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PMH vacancies, cuts part of normal operations: Gilson

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Manitoba NDP are questioning why, at the height of the second wave of the pandemic, Intensive Care Units (ICUs) in the Prairie Mountain Health region (PMH) were understaffed by more than 19 per cent, leaving the most vulnerable patients with less care at the bedside when they needed it most.
“Having a loved one admitted to the ICU is one of the scariest things a family can endure. The last thing families need at this time is to worry whether or not their loved one is getting the direct care they need,” said Manitoba NDP leader Wab Kinew.
“Yet the PCs let ICUs in Prairie Mountain Health go understaffed at the peak of the second wave. This is completely irresponsible. They had time to hire more nurses and prepare for the second wave in Prairie Mountain Health, but they did nothing. Families deserve a government that does everything it can to ensure their loved ones get the best care when they need it most.”
The Manitoba NDP learned of the vacancy rates through Freedom of Information requests, which also revealed four health care positions have been cut within PMH over the last year, including a director of Primary Care, two Care Team managers and one executive director of Information Services, Capital Planning and Infrastructure.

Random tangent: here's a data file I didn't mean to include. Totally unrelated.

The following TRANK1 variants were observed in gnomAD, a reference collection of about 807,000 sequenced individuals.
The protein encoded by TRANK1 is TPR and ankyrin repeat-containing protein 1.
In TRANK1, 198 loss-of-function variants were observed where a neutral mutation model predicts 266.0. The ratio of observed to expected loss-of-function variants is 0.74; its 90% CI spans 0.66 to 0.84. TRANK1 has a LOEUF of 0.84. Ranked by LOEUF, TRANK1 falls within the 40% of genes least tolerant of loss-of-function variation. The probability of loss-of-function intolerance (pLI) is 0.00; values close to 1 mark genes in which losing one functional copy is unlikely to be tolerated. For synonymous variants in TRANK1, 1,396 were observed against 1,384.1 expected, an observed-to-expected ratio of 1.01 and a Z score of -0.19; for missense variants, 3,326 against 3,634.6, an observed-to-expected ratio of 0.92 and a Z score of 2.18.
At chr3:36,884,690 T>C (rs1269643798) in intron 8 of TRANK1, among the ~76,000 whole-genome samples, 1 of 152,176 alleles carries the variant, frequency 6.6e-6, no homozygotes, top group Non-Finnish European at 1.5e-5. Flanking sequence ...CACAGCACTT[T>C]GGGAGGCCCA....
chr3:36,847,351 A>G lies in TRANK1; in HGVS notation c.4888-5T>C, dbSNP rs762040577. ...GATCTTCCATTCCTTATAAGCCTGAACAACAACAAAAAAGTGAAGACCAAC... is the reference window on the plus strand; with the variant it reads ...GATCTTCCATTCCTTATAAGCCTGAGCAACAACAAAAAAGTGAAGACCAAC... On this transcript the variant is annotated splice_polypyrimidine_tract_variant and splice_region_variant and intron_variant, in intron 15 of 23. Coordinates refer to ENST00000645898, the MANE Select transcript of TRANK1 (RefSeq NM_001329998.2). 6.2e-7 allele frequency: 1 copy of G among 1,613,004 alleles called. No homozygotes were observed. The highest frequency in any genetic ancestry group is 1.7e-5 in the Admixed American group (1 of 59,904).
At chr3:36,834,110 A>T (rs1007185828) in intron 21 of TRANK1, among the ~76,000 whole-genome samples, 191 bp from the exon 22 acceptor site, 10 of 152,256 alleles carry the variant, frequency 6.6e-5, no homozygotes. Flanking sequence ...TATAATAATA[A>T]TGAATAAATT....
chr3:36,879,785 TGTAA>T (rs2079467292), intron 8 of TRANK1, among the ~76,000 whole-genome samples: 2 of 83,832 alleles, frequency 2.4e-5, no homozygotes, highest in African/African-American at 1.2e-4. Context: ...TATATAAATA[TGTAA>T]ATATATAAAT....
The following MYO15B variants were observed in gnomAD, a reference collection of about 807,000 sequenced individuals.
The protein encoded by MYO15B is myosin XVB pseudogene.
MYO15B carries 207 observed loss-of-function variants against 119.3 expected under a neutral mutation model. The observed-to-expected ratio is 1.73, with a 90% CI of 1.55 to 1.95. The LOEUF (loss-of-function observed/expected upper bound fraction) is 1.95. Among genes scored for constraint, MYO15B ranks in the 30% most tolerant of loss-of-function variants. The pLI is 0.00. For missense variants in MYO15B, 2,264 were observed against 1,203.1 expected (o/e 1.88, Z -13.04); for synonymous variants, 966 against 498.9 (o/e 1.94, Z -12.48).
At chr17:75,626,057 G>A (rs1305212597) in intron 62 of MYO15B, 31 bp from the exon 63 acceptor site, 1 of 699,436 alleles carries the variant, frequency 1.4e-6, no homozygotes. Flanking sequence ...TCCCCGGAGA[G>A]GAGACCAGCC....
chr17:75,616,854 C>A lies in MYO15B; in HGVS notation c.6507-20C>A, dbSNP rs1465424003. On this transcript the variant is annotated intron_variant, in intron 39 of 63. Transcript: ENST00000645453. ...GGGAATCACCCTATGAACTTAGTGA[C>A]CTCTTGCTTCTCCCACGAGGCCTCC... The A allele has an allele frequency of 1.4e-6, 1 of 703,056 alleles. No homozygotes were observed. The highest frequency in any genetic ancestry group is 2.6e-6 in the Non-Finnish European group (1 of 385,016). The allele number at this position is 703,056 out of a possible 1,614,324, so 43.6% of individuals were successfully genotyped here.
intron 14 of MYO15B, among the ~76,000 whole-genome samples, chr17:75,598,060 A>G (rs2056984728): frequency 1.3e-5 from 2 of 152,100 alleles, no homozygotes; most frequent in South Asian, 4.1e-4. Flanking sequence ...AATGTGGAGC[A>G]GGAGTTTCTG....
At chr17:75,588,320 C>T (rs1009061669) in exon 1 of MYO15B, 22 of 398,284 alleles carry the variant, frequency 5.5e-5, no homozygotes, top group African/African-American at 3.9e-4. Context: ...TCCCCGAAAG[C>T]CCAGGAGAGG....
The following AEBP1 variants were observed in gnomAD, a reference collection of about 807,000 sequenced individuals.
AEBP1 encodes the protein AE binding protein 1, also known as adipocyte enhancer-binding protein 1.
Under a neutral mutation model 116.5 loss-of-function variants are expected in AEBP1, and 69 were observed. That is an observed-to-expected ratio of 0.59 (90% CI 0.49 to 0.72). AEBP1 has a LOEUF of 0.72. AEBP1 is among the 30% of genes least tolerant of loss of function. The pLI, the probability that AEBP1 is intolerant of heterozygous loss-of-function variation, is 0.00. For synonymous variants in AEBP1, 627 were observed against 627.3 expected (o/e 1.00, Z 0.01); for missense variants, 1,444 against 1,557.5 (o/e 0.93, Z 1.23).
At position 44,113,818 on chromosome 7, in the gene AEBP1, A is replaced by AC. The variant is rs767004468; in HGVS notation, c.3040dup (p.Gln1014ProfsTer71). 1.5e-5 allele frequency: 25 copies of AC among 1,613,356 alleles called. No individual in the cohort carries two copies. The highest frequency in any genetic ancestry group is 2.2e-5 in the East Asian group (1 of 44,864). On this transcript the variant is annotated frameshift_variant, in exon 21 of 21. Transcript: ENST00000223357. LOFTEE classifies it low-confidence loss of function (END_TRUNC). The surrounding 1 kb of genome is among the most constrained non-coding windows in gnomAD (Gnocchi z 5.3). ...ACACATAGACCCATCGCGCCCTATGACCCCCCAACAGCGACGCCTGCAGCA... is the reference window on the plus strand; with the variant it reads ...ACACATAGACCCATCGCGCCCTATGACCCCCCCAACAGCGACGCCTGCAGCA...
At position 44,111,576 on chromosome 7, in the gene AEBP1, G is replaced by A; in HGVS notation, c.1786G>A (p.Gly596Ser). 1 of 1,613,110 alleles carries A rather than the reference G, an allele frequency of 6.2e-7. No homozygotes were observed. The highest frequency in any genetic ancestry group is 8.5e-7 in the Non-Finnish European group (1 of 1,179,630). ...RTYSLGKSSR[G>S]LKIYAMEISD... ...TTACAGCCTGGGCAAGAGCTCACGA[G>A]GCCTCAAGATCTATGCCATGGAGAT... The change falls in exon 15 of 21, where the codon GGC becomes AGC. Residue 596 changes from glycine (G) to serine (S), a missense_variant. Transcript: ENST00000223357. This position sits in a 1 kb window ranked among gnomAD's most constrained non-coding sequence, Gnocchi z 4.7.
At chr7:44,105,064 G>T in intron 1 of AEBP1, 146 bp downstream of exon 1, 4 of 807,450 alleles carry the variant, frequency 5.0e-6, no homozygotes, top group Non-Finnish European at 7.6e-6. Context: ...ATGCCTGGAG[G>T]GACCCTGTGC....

According to PMH CEO Penny Gilson, changes to improve and simplify the health system are underway as part of Manitoba’s Health System Transformation with efforts to improve consistency and co-ordination across Manitoba’s health delivery organizations referred to as Service Delivery Organization Realignment.
“This work involves shifts in leadership and oversight to focus organizations on the delivery of health care services locally, with clearly defined portfolio areas to support acute care and community and continuing care,” Gilson said, adding at any point in time there are staff vacancies in any PMH program or service and throughout the pandemic the ICU beds in Brandon have been staffed.
She added the role of director of Primary Health Care was vacant and that responsibility now falls within the portfolio of director of Health Services (Primary Care).
“Prairie Mountain Health’s ability to support or oversee operational responsibilities remains unchanged. There is no impact on the day-to-day work of frontline staff as a result of these changes,” Gilson said.